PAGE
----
Residents Packing Up, Moving Out Of Nelton Court Complex
JEFFREY B. COHEN
November 12, 2009
Juan Padilla stands in front of his Nelton Court apartment, holding a Double Diamond grape-flavored cigar in one hand and using the other hand to point.
"Friends right there. Friends right there. Friend over here. Friend in that building. Friend on the other side," Padilla said, stopping to take a breath. "Friend right there. Over here." He points toward Main Street. "My mother-in-law's right here in that building over there."
Padilla has lived at Nelton Court for nine years, and he, his wife and his 11-year-old son wouldn't leave their $50-a-month, three-bedroom apartment if they didn't have to.
But they have to."Everybody's got to go," Padilla said. "So I got to go."
Nelton Court is the last federally subsidized public housing still standing in the city. Its siblings — Dutch Point, Stowe Village, Charter Oak Terrace — have all been knocked down and rebuilt.
Padilla lives in Building 13, one of 14 at Nelton Court, where the grass is cut but weeds grow from gutters overhead.
Of the 157 units, 86 are occupied. Demolition, the Hartford Housing Authority says, should start as soon as the last person is out — sometime after the new year. The authority will then build new, low-income rental housing.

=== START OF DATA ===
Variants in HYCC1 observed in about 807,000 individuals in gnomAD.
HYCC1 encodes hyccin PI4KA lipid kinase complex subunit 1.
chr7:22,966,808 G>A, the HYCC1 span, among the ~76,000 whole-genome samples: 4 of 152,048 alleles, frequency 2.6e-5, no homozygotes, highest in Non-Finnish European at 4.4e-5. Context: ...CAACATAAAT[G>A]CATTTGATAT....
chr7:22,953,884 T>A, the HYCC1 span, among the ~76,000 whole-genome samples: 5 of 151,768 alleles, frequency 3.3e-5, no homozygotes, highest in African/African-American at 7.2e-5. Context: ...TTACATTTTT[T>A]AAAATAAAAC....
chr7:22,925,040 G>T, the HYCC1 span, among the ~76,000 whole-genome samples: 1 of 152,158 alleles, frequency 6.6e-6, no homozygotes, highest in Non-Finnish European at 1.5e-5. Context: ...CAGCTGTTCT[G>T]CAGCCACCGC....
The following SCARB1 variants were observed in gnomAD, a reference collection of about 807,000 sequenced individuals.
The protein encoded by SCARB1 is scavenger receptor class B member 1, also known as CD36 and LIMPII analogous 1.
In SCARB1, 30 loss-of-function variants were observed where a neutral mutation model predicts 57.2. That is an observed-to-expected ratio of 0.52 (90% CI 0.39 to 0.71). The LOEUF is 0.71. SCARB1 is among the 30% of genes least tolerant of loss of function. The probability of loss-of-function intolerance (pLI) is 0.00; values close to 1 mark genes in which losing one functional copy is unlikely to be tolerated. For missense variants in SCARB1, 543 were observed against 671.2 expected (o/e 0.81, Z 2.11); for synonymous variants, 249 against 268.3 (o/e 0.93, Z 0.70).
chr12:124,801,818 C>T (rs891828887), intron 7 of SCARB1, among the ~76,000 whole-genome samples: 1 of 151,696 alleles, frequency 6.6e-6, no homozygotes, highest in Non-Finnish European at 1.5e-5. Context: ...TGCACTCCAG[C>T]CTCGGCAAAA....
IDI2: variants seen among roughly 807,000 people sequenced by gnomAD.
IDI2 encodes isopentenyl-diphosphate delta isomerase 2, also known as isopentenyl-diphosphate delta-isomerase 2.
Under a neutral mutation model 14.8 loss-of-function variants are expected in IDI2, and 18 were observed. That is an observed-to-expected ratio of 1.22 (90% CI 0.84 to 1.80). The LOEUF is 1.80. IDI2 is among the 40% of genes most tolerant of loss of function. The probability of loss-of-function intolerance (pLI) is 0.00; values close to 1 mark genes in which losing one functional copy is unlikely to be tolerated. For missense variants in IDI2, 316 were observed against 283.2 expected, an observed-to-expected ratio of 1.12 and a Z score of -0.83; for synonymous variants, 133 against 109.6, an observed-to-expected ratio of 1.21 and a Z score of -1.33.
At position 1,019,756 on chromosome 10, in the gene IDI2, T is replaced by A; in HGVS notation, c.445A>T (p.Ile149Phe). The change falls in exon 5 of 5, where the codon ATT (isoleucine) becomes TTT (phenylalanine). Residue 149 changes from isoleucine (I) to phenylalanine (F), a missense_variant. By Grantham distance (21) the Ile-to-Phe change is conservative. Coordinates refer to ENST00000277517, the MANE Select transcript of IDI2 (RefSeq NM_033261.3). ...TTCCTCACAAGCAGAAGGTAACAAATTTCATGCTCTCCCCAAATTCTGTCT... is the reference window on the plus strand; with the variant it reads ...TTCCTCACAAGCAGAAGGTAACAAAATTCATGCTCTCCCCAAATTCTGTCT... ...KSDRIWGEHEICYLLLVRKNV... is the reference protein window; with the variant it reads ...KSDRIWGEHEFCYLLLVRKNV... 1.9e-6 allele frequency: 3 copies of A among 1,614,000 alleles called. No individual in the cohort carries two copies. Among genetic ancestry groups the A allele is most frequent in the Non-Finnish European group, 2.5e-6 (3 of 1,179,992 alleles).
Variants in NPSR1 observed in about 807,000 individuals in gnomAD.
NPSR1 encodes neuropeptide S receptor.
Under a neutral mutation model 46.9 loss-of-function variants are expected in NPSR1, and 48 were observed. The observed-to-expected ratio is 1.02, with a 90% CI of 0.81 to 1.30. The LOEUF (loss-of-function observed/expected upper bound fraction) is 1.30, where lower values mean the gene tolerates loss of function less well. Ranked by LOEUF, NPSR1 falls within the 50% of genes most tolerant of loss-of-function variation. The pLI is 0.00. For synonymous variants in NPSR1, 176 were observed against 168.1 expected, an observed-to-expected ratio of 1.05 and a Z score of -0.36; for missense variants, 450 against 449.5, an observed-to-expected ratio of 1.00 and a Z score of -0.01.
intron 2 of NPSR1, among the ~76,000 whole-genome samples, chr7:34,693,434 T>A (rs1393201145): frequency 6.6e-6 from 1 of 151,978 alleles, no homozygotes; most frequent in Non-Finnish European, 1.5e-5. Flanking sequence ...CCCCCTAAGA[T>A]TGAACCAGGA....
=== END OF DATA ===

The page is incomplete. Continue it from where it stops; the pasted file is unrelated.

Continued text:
The apartment next to Padilla's is empty, with boarded-up windows. Jagged glass lines a broken window pane in the unit's outer door. Padilla knows Nelton Court has a reputation for violence, but he said he doesn't have problems with anybody, and nobody has a problem with him.
"They say you make the place, wherever you go," Padilla said.
Inside his apartment, Padilla and his wife apologize for the state of things. Packing boxes and baby toys line the upstairs hall. His son's bedroom is padlocked shut, but Padilla — smiling — opens it with a key. When he does, there's a bed. And boxes.
"He's packing his things, too," Padilla, 52, said. "We are packing up. That's why it's a mess."
Padilla expects to move later this year. He already has gotten his Section 8 approval from the authority, which will pay much of the rent he'll owe for his next apartment. But wherever he and his family land, they're not looking to stay there long.
"I want to return to Nelton Court, you know what I'm saying?" Padilla said. "I will return here. 'Cause I've been here and I like it here. Part of my life is here. ... My ex-wife died right here, you know? She died right in my bedroom, right here.
"That's why if they ask me to come back," he said, "I will come back."
Reprinted with permission of the Hartford Courant.
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